Featured Research

from universities, journals, and other organizations

Our memory of time is shortened when we believe products and events are related

Date:
January 20, 2010
Source:
University of Chicago Press Journals
Summary:
When we believe two events are connected -- such as drinking caffeine and getting a burst of energy -- we tend to compress time, according to a new study.

When we believe two events are connected -- such as drinking caffeine and getting a burst of energy -- we tend to compress time, according to a new study in the Journal of Consumer Research.

"People sometimes feel the effect of product consumption almost instantaneously -- within an unrealistically short time after consumption," writes author David Faro (London Business School). "Such placebo-like effects are typically attributed to conditioning, wishful thinking, or expectations about product efficacy. The present research shows such effects can also occur because, under some conditions, people are prone to underestimate the time-to-onset of products they have used in the past."

In one of the author's experiments, participants first listened to music and later took part in a creativity task. Half of the participants were then told the music they had listened to earlier enhanced creativity; the rest were not given that information. "When asked to recollect the amount of time that elapsed between listening to music and the creativity task, the first group thought that the time was significantly shorter," Faro writes. "Hence, even though both groups had (on average) the same experience with the music and with the creativity task, believing that the two things were related made participants connect them more closely in time."

In a second experiment, participants first chewed a stick of gum and then took part in an attention-related task. Later in the study they were told that chewing gum increases attention. In that case, participants who considered only the gum as a cause for increased attention gave shorter estimates of time-to-onset than other participants who also considered another contributing cause: practice with the task. On a later occasion, the participants said they experienced the gum's effect earlier and they were less interested in trying a competing product.

"These experiments show that our recollections of how long products took to have an effect on us when we have used them in the past are intertwined with our beliefs in their causal role," the author concludes.


Story Source:

The above story is based on materials provided by University of Chicago Press Journals. Note: Materials may be edited for content and length.


Journal Reference:

  1. David Faro. Changing the Future by Reshaping the Past: The Influence of Causal Beliefs on Estimates of Time-to-Onset. Journal of Consumer Research, In print August 2010/online Jan 2010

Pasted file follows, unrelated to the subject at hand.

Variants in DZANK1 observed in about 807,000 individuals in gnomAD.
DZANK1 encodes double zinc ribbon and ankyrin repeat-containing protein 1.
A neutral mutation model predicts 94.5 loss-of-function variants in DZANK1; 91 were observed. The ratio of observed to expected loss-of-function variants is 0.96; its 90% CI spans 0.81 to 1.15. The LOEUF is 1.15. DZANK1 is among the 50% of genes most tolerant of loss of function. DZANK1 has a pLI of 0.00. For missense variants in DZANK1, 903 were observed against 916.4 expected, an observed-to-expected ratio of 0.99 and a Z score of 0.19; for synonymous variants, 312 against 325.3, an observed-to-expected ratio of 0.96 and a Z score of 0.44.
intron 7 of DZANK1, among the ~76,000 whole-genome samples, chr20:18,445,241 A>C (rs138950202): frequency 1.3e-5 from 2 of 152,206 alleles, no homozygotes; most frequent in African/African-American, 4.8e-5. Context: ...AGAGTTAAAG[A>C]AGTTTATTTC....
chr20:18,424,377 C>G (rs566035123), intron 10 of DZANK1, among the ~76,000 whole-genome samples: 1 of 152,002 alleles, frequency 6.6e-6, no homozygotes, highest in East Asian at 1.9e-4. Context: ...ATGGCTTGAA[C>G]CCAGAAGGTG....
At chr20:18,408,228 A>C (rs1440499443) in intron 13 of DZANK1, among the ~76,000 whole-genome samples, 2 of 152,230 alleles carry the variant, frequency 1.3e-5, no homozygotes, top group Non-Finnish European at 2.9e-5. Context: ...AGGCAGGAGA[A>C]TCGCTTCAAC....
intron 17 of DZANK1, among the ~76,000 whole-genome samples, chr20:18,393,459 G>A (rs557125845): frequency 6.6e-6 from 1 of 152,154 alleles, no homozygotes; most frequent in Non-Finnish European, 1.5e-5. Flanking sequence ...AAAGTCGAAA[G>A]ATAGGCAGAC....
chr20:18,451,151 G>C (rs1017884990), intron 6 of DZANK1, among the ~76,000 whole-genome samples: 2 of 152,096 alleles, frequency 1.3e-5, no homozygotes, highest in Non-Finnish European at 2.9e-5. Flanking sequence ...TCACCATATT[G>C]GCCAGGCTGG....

Cite This Page:

University of Chicago Press Journals. "Our memory of time is shortened when we believe products and events are related." ScienceDaily. ScienceDaily, 20 January 2010. <www.sciencedaily.com/releases/2010/01/100119111053.htm>.
University of Chicago Press Journals. (2010, January 20). Our memory of time is shortened when we believe products and events are related. ScienceDaily. Retrieved July 29, 2014 from www.sciencedaily.com/releases/2010/01/100119111053.htm
University of Chicago Press Journals. "Our memory of time is shortened when we believe products and events are related." ScienceDaily. www.sciencedaily.com/releases/2010/01/100119111053.htm (accessed July 29, 2014).

Share This




More Mind & Brain News

Tuesday, July 29, 2014

Featured Research

from universities, journals, and other organizations


Featured Videos

from AP, Reuters, AFP, and other news services

It's Not Just Facebook: OKCupid Experiments With Users Too

It's Not Just Facebook: OKCupid Experiments With Users Too

Newsy (July 29, 2014) If you've been looking for love online, there's a chance somebody has been looking at how you're looking. Video provided by Newsy
Powered by NewsLook.com
How Your Face Can Leave A Good Or Bad First Impression

How Your Face Can Leave A Good Or Bad First Impression

Newsy (July 29, 2014) Researchers have found certain facial features can make us seem more attractive or trustworthy. Video provided by Newsy
Powered by NewsLook.com
Losing Sleep Leaves You Vulnerable To 'False Memories'

Losing Sleep Leaves You Vulnerable To 'False Memories'

Newsy (July 27, 2014) A new study shows sleep deprivation can make it harder for people to remember specific details of an event. Video provided by Newsy
Powered by NewsLook.com
University Quiz Implies Atheists Are Smarter Than Christians

University Quiz Implies Atheists Are Smarter Than Christians

Newsy (July 25, 2014) An online quiz from a required course at Ohio State is making waves for suggesting atheists are inherently smarter than Christians. Video provided by Newsy
Powered by NewsLook.com

Search ScienceDaily

Number of stories in archives: 140,361

Find with keyword(s):
Enter a keyword or phrase to search ScienceDaily for related topics and research stories.

Save/Print:
Share:

Breaking News:
from the past week

In Other News

... from NewsDaily.com

Science News

Health News

Environment News

Technology News



Save/Print:
Share:

Free Subscriptions


Get the latest science news with ScienceDaily's free email newsletters, updated daily and weekly. Or view hourly updated newsfeeds in your RSS reader:

Get Social & Mobile


Keep up to date with the latest news from ScienceDaily via social networks and mobile apps:

Have Feedback?


Tell us what you think of ScienceDaily -- we welcome both positive and negative comments. Have any problems using the site? Questions?
Mobile: iPhone Android Web
Follow: Facebook Twitter Google+
Subscribe: RSS Feeds Email Newsletters
Latest Headlines Health & Medicine Mind & Brain Space & Time Matter & Energy Computers & Math Plants & Animals Earth & Climate Fossils & Ruins